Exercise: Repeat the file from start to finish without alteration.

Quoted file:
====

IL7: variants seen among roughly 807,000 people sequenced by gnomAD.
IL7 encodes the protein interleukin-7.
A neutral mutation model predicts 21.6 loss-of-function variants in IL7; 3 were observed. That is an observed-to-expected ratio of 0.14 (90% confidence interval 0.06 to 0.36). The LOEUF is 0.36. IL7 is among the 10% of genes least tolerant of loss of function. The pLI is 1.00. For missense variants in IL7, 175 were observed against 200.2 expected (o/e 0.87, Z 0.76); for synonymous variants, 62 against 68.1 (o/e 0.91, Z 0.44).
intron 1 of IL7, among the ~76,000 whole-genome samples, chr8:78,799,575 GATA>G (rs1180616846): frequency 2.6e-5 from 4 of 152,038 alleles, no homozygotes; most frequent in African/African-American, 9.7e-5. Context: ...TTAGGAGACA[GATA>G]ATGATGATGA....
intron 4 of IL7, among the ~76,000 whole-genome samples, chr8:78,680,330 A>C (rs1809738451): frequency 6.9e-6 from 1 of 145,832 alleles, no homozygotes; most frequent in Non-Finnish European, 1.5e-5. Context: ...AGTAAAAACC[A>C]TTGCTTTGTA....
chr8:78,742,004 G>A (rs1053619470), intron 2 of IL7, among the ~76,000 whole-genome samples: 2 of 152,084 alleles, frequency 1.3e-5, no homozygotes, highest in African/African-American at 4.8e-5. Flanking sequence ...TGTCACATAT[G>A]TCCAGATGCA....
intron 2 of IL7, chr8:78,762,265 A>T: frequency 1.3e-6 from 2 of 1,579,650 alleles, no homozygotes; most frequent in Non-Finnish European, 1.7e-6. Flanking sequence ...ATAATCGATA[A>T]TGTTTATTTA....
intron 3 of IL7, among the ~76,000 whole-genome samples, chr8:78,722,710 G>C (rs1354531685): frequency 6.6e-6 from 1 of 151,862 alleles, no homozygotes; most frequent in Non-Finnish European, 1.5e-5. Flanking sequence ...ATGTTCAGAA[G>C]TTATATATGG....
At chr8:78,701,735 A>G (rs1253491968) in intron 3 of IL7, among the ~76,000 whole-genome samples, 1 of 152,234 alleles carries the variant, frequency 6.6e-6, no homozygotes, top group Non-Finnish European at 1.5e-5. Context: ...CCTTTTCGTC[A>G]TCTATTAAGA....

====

IL7: variants seen among roughly 807,000 people sequenced by gnomAD.
IL7 encodes the protein interleukin-7.
A neutral mutation model predicts 21.6 loss-of-function variants in IL7; 3 were observed. That is an observed-to-expected ratio of 0.14 (90% confidence interval 0.06 to 0.36). The LOEUF is 0.36. IL7 is among the 10% of genes least tolerant of loss of function. The pLI is 1.00. For missense variants in IL7, 175 were observed against 200.2 expected (o/e 0.87, Z 0.76); for synonymous variants, 62 against 68.1 (o/e 0.91, Z 0.44).
intron 1 of IL7, among the ~76,000 whole-genome samples, chr8:78,799,575 GATA>G (rs1180616846): frequency 2.6e-5 from 4 of 152,038 alleles, no homozygotes; most frequent in African/African-American, 9.7e-5. Context: ...TTAGGAGACA[GATA>G]ATGATGATGA....
intron 4 of IL7, among the ~76,000 whole-genome samples, chr8:78,680,330 A>C (rs1809738451): frequency 6.9e-6 from 1 of 145,832 alleles, no homozygotes; most frequent in Non-Finnish European, 1.5e-5. Context: ...AGTAAAAACC[A>C]TTGCTTTGTA....
chr8:78,742,004 G>A (rs1053619470), intron 2 of IL7, among the ~76,000 whole-genome samples: 2 of 152,084 alleles, frequency 1.3e-5, no homozygotes, highest in African/African-American at 4.8e-5. Flanking sequence ...TGTCACATAT[G>A]TCCAGATGCA....
intron 2 of IL7, chr8:78,762,265 A>T: frequency 1.3e-6 from 2 of 1,579,650 alleles, no homozygotes; most frequent in Non-Finnish European, 1.7e-6. Flanking sequence ...ATAATCGATA[A>T]TGTTTATTTA....
intron 3 of IL7, among the ~76,000 whole-genome samples, chr8:78,722,710 G>C (rs1354531685): frequency 6.6e-6 from 1 of 151,862 alleles, no homozygotes; most frequent in Non-Finnish European, 1.5e-5. Flanking sequence ...ATGTTCAGAA[G>C]TTATATATGG....
At chr8:78,701,735 A>G (rs1253491968) in intron 3 of IL7, among the ~76,000 whole-genome samples, 1 of 152,234 alleles carries the variant, frequency 6.6e-6, no homozygotes, top group Non-Finnish European at 1.5e-5. Context: ...CCTTTTCGTC[A>G]TCTATTAAGA....